Advice for healthcare professionals:
- cases of bradycardia, hypotension (including orthostatic hypotension), and dizziness after application of brimonidine gel have been reported, some of which required hospitalisation
- some cases were associated with application of brimonidine gel after laser procedures to the skin, which possibly caused increased absorption of the gel
- warn patients not to apply brimonidine gel to irritated or damaged skin, including after laser therapy to the skin
Brimonidine (Mirvaso) is a topical gel indicated for the symptomatic treatment of facial erythema of rosacea in adults. It is an α-2 adrenergic agonist.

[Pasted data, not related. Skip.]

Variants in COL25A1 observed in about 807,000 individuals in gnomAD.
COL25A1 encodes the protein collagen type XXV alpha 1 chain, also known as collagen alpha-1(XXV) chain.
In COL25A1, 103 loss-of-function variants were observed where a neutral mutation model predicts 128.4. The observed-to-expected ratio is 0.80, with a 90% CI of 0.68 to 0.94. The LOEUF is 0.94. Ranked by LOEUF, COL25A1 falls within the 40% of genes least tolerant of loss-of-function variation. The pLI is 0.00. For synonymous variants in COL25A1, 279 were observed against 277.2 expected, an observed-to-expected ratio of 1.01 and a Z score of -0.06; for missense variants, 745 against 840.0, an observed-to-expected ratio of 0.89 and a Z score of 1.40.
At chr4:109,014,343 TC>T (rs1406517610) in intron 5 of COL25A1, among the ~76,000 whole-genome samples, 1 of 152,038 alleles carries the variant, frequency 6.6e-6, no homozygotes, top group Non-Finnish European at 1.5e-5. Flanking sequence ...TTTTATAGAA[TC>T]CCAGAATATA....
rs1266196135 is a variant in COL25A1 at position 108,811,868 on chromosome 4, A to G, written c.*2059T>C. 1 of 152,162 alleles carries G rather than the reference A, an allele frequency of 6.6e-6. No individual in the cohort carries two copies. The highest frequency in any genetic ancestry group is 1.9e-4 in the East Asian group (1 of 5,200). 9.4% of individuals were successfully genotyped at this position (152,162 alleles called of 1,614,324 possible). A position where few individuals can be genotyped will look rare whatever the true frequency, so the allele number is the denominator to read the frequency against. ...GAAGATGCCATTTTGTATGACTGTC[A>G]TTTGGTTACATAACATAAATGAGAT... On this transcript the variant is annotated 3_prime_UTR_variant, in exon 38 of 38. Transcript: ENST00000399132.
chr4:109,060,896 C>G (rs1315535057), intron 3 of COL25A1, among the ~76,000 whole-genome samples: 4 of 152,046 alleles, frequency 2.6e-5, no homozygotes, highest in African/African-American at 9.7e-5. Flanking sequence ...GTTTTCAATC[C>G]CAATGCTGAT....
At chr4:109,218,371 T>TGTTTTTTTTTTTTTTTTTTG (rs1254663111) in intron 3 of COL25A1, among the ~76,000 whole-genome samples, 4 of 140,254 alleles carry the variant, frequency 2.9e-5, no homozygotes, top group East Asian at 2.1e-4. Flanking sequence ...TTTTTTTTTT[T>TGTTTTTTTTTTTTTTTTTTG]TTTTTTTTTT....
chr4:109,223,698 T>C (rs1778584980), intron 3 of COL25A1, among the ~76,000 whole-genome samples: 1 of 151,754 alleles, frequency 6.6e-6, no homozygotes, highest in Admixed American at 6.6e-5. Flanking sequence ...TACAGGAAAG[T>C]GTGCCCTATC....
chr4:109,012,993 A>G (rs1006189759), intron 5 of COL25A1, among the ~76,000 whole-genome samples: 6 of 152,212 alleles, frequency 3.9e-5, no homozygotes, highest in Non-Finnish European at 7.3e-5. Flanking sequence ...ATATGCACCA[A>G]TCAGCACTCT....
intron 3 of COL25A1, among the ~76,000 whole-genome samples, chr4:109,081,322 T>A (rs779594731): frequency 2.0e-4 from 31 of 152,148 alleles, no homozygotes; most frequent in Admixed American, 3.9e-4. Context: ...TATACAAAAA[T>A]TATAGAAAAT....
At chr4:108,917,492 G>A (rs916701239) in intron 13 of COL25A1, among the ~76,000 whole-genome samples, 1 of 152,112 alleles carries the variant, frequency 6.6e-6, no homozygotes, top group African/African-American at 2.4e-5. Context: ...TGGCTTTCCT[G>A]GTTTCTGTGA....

A routine European review identified post-marketing reports, including a small number of Yellow Cards, consistent with systemic (central) α-2 adrenergic effects, including bradycardia, hypotension (including orthostatic hypotension), and dizziness. Some patients required hospitalisation. Dizziness is reported to occur uncommonly, with an estimated frequency of less than 10 in 1,000 patients using brimonidine gel. Hypotension and bradycardia are reported to occur rarely, with an estimated frequency of less than 1 in 1,000 patients.
In approximately 30% of the cases most strongly suggestive of a cardiovascular effect, events occurred following application of brimonidine gel after laser therapy to the skin.
To minimise the possibility of systemic absorption, you should warn patients not to apply brimonidine gel to irritated or damaged skin, including after laser therapy to the skin.
Any suspected adverse reactions to brimonidine gel or any other medicines should be reported to us on a Yellow Card.
Article citation: Drug Safety Update volume 10 issue 11, June 2017: 2.